kids these days spoiled with their 3D printers. Bah I say! Real character comes from lots of tape!

    now get offa mah lawn before I sic a real radio controlled gas powered plane on ya! *grumbles about everything bein’ called ‘drones’…* :)

  4. It is amazing to me that there are a plethora of Raspberry-Pi laptop shells available on the market, especially considering what is possible out of China these days (for good, or bad, let the reviewers sort them out). But there isn’t AFAIK. I can only find the outrageously priced ~$270 Pi-Top laptop “shell” (yeah, you have to add the actual Raspberry-Pi etc. at your own cost-plus). Perhaps the Pi-Top has something to do with their “3D Printing” of the hardware parts. If-so, why aren’t there injection molded “cases” available out of China. Yes, molds are expensive to make. But I’m SURE the demand exists that erases this barrier due to economies of scale for a RPi compatible laptop shell.

    https://pi-top.com/ <= Warning! Very heavy scripting depth on this site.

    Hmmm…

    1. Yeah, I’ve wondered this too. I guess if you want something doing, do it yourself… I’ll have my design files online for china to copy as soon as I can get to the Hackspace to retrieve them!

  5. In all seriousness I really don’t get the point of a Pi laptop. The performance is awful. No matter which Pi you use, you still have a terrible read/write speed, a slow processor, and hardly any RAM or storage. Using a slow laptop is never fun. I guess it is an okay project for a kid to learn with. But the usefulness just isn’t there unless you don’t mind using a laptop that is literally slower than the low end laptops produced a decade ago.

    1. Since your precise timescale of a decade was obviously chosen very carefully, and that was the time of introduction of the first wave of “netbook” type machines, with such powerhouses as Via C3 600Mhz, AMD Geode 450Mhz and MIPS 400Mhz CPUs in… I disagree.

      1. Ten years ago Windows Vista hit the market. It was also the year I purchased a low end Toshiba laptop for ~$500. It came with 2 GB of RAM, 200 GB of storage, and a Turion x2. Even today that machine would provide better performance than a Raspberry Pi 3 for most tasks.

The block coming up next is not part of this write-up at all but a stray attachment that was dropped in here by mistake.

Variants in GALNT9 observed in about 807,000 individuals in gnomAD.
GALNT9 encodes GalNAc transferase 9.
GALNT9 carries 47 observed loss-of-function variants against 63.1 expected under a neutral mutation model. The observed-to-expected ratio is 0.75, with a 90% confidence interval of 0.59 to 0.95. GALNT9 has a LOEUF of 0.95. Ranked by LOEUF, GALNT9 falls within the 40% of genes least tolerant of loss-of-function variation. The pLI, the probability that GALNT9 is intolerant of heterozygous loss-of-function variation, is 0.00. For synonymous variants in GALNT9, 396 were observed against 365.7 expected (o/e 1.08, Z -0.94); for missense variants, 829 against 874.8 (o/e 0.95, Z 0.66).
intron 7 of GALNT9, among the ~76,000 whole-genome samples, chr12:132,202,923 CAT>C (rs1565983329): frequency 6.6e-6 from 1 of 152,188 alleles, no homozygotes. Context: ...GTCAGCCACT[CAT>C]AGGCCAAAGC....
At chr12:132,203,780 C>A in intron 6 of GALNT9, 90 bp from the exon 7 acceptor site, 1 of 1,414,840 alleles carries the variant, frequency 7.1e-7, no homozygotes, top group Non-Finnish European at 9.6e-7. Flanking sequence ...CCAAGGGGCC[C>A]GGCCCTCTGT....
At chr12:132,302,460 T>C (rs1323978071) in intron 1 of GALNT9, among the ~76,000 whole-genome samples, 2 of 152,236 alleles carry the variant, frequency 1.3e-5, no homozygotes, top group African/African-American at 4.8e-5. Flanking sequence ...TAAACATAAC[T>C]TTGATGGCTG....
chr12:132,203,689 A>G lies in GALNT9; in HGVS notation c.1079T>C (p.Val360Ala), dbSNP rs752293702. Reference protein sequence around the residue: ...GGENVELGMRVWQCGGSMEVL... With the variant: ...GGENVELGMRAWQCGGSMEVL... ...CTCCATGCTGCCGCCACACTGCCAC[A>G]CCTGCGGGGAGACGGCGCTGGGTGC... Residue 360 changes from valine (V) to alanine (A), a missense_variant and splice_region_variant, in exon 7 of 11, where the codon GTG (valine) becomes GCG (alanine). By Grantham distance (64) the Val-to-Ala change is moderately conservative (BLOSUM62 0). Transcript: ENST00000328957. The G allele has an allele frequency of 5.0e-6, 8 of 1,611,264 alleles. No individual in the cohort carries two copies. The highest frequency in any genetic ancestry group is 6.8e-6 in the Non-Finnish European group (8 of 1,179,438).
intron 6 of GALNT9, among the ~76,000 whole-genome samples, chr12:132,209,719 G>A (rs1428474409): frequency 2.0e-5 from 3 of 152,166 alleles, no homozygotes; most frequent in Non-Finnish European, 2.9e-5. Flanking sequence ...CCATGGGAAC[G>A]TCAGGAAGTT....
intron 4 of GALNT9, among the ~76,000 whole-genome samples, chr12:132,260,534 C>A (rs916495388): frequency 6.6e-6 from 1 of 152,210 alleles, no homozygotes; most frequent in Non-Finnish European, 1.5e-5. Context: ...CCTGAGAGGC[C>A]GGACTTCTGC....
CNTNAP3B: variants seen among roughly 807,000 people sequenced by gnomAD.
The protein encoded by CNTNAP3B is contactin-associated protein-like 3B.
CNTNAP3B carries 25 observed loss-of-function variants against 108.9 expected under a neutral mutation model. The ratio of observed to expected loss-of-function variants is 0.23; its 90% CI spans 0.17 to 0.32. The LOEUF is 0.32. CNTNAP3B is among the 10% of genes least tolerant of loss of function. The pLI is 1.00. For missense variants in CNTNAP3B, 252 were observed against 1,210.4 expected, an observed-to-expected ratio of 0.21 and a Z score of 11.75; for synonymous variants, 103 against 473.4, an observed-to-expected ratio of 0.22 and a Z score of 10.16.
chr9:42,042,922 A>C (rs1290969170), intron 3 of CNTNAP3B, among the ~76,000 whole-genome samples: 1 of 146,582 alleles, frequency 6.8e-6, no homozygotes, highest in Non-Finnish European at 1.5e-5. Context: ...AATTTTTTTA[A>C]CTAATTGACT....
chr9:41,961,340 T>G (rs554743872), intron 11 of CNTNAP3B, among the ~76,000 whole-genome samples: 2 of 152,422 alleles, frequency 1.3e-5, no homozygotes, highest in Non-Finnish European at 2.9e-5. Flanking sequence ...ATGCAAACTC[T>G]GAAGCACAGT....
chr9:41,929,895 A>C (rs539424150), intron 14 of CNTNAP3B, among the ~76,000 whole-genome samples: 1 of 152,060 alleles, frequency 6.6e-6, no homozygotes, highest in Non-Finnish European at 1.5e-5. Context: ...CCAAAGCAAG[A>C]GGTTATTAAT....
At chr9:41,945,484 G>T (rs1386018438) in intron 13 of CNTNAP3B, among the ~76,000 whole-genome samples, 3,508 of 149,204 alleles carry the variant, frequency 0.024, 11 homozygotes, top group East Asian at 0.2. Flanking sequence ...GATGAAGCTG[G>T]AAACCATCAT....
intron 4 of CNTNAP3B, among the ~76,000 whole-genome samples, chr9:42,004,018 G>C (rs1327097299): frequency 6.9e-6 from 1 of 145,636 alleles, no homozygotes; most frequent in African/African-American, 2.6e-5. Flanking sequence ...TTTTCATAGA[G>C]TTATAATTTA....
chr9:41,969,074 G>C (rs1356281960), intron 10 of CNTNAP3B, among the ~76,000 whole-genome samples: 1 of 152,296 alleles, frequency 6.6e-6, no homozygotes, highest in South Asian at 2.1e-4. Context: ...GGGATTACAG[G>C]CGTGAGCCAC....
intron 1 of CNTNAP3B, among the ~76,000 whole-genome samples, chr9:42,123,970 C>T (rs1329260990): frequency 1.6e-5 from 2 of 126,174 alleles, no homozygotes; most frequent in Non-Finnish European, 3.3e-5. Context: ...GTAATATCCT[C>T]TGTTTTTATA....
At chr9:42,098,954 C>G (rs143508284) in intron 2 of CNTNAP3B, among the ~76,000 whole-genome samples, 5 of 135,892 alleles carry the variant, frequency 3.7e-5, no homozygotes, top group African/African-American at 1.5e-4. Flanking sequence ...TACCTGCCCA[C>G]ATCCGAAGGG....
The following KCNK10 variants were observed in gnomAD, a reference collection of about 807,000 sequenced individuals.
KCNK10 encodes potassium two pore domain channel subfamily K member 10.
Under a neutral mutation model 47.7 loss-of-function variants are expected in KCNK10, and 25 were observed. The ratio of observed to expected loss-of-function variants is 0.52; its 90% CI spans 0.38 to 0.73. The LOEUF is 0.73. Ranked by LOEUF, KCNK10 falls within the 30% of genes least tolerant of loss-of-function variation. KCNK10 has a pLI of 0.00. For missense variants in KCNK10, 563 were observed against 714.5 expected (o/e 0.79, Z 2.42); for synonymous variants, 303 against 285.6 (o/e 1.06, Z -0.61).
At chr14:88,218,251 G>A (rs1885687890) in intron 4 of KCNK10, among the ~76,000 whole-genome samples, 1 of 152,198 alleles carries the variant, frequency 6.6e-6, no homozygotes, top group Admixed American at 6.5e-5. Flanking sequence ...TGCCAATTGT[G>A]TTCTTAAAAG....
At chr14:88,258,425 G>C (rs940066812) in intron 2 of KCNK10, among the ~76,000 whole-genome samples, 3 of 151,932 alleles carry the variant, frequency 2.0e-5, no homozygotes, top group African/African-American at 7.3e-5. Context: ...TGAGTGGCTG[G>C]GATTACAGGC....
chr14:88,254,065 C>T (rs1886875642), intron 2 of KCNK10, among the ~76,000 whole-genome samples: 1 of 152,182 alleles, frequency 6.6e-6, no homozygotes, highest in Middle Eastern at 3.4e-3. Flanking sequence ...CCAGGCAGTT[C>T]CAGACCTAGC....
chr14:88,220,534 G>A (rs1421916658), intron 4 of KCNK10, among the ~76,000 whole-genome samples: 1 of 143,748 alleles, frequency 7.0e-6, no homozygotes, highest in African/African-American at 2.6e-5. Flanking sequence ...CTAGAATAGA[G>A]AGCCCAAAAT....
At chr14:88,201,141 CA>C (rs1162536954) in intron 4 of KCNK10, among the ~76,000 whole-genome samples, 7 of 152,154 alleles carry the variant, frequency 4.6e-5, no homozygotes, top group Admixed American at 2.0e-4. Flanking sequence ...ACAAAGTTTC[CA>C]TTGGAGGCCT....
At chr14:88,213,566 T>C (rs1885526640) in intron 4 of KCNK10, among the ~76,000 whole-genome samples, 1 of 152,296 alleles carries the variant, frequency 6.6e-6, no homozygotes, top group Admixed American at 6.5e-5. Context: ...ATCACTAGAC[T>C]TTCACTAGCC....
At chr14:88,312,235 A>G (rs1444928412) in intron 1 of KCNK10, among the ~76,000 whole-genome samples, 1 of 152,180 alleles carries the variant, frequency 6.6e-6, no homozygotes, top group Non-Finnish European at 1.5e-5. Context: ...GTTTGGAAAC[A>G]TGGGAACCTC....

I remember well when the netbooks came. They were slow and nearly worthless for most tasks. Even simple internet browsing was a pain. They were a gimmick. The later models with Atoms were usable, but still rather pointless. Not until the last few years did they really become usable, if you can find them.

        1. Nah that was mid-end in full size notebooks, sempr0ns were still around. Though I would agree it will run rings around the Pi, and since they are sticking Atom cores in low end notebooks now, that are basically gussied up tablet class hardware, it’s equal to those still.

    2. Don’t get me wrong, that thing ain’t built for speed.

      But as someone who does quite a few pi workshops and projects, being able to prototype your code on the device, without needing a monitor, keyboard, screen and mouse is a pretty big bonus and was the main reason for me making it.

      1. Pretty cool, anybody (like some above) that is complaining just doesn’t get the point, which is that you turned a pi into a full fledged laptop, even if done before thats still awesome, and you dont seem to have any misassumptions about its use-case either, so all in all a great project, keep it up & ignore those not understanding :)

  6. Seriously, why does everyone shit on other peoples projects like this?

    When I was 13, I was trying to stuff a LP 386SX motherboard into a wooden case with a 2.5″ laptop hard drive. Why? Because I wanted a ‘portable computer!’ We couldn’t afford the expensive laptops at the time, and I loved building things and solving the problems as they come. That machine was portable, despite having to carry around a full AT PSU, a keyboard and a 13″ IBM monitor. It worked.

    This project is no different. This kid wanted to *build something*. It doesn’t matter if it is slow, or there are better solutions out there, or the hinges are made of tape. IT WORKS. It does what he wants it to do! It’s a work in progress! He is *learning* as he goes!

    I really think people have forgotten what hackaday is all about.